Groundbreaking study shows that broader gun restrictions result in lower intimate partner homicides

Groundbreaking study shows that broader gun restrictions result in lower intimate partner homicides

A new study out of Michigan State University says that more restrictions against gun ownership by individuals with histories of violence, including domestic violence abuse, lead to lower rates of homicides of romantically-involved partners.

Currently, 13 states and federal law prohibit gun purchases by individuals convicted of domestic violence; the study finds that states that extend this ban to people convicted of any violent misdemeanor experience 23 percent fewer intimate partner homicides.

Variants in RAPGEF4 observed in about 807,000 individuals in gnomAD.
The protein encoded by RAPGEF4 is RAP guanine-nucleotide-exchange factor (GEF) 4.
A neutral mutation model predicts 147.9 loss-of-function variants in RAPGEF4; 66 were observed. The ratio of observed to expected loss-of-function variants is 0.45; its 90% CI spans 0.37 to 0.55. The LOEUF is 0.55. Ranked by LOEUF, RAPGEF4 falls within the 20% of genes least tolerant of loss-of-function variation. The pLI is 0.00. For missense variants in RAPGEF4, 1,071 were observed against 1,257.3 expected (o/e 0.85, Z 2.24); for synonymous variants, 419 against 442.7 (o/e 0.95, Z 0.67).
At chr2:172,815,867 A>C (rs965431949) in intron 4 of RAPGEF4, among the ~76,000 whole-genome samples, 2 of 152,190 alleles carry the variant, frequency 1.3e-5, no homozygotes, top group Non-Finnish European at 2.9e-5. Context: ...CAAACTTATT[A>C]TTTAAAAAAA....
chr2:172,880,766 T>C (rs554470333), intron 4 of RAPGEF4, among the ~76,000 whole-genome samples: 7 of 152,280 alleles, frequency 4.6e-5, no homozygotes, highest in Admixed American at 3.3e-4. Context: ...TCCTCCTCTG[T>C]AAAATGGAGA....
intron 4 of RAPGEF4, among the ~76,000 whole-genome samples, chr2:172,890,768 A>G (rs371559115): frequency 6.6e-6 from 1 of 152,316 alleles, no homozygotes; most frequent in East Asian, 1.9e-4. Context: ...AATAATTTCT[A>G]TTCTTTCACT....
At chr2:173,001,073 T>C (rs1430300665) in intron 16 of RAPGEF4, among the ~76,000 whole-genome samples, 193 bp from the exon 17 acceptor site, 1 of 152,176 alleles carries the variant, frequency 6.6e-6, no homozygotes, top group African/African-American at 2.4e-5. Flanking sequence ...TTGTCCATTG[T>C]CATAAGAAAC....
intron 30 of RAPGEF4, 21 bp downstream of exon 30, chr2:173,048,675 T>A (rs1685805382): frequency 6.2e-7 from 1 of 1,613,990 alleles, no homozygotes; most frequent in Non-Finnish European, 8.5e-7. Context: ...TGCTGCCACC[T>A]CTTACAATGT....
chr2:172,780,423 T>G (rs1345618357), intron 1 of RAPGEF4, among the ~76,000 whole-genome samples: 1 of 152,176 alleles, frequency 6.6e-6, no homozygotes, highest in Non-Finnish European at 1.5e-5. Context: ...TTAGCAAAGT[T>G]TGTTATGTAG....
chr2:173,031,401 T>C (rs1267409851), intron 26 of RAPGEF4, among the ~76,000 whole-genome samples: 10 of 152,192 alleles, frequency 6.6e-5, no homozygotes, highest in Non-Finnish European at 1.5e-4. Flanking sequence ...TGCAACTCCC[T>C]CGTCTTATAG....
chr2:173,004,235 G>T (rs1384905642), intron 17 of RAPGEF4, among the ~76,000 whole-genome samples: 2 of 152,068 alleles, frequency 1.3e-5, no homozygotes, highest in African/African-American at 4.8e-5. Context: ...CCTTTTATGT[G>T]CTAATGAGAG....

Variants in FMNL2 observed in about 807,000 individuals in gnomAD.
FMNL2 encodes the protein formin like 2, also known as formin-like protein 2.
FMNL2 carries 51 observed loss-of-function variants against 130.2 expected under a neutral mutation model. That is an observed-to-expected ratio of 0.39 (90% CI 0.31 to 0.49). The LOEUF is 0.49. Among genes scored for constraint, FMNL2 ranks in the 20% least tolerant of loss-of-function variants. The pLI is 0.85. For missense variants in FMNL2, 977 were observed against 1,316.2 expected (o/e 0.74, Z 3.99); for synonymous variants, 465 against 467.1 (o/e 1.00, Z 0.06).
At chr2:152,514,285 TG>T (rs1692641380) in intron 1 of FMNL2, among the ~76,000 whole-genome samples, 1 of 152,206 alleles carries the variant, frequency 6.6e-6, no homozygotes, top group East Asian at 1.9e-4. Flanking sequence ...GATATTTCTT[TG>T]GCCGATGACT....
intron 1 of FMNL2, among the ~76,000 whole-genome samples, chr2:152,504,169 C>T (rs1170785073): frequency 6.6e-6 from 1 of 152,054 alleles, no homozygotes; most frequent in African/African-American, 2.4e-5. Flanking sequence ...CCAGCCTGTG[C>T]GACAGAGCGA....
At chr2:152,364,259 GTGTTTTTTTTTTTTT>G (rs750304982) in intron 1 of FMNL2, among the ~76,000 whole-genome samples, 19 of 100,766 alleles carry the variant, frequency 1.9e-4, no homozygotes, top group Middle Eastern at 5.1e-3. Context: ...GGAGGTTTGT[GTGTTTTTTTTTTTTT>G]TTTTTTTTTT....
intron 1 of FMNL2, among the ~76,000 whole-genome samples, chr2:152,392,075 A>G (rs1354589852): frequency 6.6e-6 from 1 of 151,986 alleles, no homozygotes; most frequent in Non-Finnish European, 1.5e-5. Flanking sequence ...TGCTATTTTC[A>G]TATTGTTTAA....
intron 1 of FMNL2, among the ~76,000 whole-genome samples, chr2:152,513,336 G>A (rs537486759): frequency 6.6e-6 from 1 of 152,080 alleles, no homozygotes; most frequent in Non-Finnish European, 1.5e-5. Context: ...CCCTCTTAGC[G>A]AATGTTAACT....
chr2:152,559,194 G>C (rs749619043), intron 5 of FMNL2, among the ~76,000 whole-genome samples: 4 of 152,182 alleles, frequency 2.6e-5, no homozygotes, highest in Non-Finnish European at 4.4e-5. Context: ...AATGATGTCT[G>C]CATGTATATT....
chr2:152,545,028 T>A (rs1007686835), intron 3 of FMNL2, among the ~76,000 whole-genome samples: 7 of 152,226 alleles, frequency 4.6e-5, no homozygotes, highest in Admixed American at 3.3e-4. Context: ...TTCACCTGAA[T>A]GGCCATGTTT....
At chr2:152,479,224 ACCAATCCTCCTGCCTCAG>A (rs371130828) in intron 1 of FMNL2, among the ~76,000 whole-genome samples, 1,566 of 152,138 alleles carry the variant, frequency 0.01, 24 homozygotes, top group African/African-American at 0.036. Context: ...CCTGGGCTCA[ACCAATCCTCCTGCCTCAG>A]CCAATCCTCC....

Those reductions were also prevalent when the restrictions included individuals involved in domestic abuse of simply any partner—not only spousal abuse. Here are some more of the findings:

Restraining orders for dating partners that include firearm restrictions (present in 22 states) were linked to a 10 percent decrease in romantic partner homicides and a 14 percent reduction in partner homicides committed with firearms. Dating partner statutes go beyond traditional domestic violence restraining order laws, which cover spouses, ex-spouses, couples that live together or have lived together and couples that have children together. Zeoli noted that nearly half of intimate partner homicides are committed by dating partners who often aren’t covered by these traditional partner categories in firearm-restriction laws.

Gun restrictions that cover emergency restraining orders in domestic violence cases were associated with a 12 percent reduction in intimate partner homicides.

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